The Court acknowledges, however, that some courts have denied release despite a life-term defendant's poor health. See, e.g., United States v. Lika, No. 84-CR-499 (CS), 2020 WL 2766049 (S.D.N.Y. May 28, 2020) (denying release to a defendant sentenced to life for heroin and murder-related offenses despite his illness due to the seriousness of the offense); United States v. Araña, No. 2:95-cr-80272-LJM-13, 2020 WL 2214232 (E.D. Mich. May 7, 2020) (denying release to a defendant sentenced to life for drug and murder-related offenses despite his illness); United States v. Logan, No. 1:96-CR-20-TBR, 2020 WL 730879 (W.D. Ky. Feb. 13, 2020) (denying release to a defendant sentenced to life for committing arson at a hotel which resulted in the death of four people despite his illness due to the seriousness of the offense). These cases are distinguishable from defendant's offense, however, because the crimes of conviction involved murders. Although, as noted, defendant's criminal history involves violence, his crime of conviction did not and he has not murdered anyone.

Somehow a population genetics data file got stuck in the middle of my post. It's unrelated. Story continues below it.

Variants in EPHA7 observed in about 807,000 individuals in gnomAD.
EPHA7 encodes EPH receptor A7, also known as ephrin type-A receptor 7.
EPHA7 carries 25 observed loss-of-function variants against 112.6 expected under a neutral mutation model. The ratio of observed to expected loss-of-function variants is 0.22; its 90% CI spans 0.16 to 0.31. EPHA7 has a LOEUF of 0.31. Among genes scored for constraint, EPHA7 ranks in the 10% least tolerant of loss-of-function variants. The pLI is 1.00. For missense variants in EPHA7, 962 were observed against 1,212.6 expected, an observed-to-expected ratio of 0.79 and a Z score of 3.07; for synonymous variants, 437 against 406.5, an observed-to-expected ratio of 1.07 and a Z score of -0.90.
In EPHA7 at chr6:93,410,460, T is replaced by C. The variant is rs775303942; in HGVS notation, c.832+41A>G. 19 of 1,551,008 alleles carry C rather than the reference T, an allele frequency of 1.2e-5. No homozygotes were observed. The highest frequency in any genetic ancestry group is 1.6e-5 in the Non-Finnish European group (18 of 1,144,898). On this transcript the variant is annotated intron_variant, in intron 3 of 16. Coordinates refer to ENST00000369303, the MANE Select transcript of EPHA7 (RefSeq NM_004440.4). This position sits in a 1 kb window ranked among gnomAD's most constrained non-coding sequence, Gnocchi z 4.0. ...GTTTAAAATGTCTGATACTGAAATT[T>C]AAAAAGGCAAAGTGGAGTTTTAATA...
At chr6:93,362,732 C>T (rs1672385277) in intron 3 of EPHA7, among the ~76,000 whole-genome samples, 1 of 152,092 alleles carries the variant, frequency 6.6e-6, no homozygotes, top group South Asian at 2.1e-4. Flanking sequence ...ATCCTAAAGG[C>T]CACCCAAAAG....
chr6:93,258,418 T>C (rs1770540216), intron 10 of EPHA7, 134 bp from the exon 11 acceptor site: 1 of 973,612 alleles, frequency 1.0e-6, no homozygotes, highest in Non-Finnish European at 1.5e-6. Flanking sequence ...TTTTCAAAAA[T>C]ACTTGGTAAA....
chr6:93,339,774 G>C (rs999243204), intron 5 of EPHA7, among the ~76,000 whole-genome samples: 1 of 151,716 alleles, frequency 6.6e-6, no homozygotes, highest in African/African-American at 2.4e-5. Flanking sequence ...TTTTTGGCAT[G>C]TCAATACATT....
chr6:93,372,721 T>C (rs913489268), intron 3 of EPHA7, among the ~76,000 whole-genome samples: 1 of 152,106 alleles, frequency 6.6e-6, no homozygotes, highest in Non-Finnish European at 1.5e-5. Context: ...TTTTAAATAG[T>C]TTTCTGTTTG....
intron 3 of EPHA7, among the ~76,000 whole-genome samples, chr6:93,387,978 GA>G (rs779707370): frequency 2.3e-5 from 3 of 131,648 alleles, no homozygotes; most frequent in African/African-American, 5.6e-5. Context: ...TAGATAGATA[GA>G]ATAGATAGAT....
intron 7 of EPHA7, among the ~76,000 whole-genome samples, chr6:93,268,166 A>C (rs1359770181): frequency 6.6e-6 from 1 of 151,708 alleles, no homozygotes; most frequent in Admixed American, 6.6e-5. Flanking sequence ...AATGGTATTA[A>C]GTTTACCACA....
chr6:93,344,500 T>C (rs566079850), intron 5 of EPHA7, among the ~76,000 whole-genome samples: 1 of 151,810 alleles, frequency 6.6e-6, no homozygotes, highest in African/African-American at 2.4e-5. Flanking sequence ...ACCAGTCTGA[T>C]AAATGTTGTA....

This Court recently denied compassionate release to an inmate serving a life term of imprisonment in United States v. Green. (06-CR-53-CJW-MAR-1 (N.D. Iowa July 10, 2020) (Doc. 95)). There, the defendant also had serious health issues warranting release including type 2 diabetes, vascular problems, chronic respiratory failure, severe obesity, and chronic pain. (Id., at 6). Release was not appropriate, however, under the 3553(a) factors. The defendant had seven prior cocaine-related offenses which spanned most of his life, frequent violations while on probation or parole, no employment history, no mitigating upbringing, no mental health issues, and no personal drug addiction. (Id., at 8). During his 14 years of incarceration, that defendant did not show significant improvement. (Id.). He had 13 disciplinary reports with violations as recently as the last year available, many of which involved fighting. (Id.). Notably, the defendant had, on several occasions, diverted and hoarded pain medication, which indicated to the Court that he continued to mismanage drugs. (Id., at 8-10). Defendant had also taken very few educational courses while incarcerated. (Id., at 9). There, the defendant's physical condition was not quite as dire, his drug-related criminal history was more substantial, and his performance while incarcerated was significantly worse than the facts before the Court here.